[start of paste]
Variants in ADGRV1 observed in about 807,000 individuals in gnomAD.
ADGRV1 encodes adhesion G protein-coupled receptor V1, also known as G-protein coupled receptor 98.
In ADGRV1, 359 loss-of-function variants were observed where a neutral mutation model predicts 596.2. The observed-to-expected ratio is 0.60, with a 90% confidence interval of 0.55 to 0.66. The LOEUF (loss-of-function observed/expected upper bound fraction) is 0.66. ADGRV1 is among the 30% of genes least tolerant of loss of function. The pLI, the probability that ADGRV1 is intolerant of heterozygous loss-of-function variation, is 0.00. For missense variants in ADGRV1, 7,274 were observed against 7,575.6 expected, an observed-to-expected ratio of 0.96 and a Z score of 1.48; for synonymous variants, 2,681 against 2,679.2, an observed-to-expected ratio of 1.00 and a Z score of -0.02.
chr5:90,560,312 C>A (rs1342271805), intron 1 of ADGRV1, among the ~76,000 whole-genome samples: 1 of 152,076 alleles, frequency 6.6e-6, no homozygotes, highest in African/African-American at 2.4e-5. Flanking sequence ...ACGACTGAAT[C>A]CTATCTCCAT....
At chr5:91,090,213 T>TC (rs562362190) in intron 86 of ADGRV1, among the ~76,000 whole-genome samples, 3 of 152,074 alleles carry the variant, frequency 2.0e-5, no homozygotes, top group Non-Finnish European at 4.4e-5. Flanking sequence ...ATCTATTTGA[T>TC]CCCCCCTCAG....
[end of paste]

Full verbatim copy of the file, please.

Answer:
Variants in ADGRV1 observed in about 807,000 individuals in gnomAD.
ADGRV1 encodes adhesion G protein-coupled receptor V1, also known as G-protein coupled receptor 98.
In ADGRV1, 359 loss-of-function variants were observed where a neutral mutation model predicts 596.2. The observed-to-expected ratio is 0.60, with a 90% confidence interval of 0.55 to 0.66. The LOEUF (loss-of-function observed/expected upper bound fraction) is 0.66. ADGRV1 is among the 30% of genes least tolerant of loss of function. The pLI, the probability that ADGRV1 is intolerant of heterozygous loss-of-function variation, is 0.00. For missense variants in ADGRV1, 7,274 were observed against 7,575.6 expected, an observed-to-expected ratio of 0.96 and a Z score of 1.48; for synonymous variants, 2,681 against 2,679.2, an observed-to-expected ratio of 1.00 and a Z score of -0.02.
chr5:90,560,312 C>A (rs1342271805), intron 1 of ADGRV1, among the ~76,000 whole-genome samples: 1 of 152,076 alleles, frequency 6.6e-6, no homozygotes, highest in African/African-American at 2.4e-5. Flanking sequence ...ACGACTGAAT[C>A]CTATCTCCAT....
At chr5:91,090,213 T>TC (rs562362190) in intron 86 of ADGRV1, among the ~76,000 whole-genome samples, 3 of 152,074 alleles carry the variant, frequency 2.0e-5, no homozygotes, top group Non-Finnish European at 4.4e-5. Flanking sequence ...ATCTATTTGA[T>TC]CCCCCCTCAG....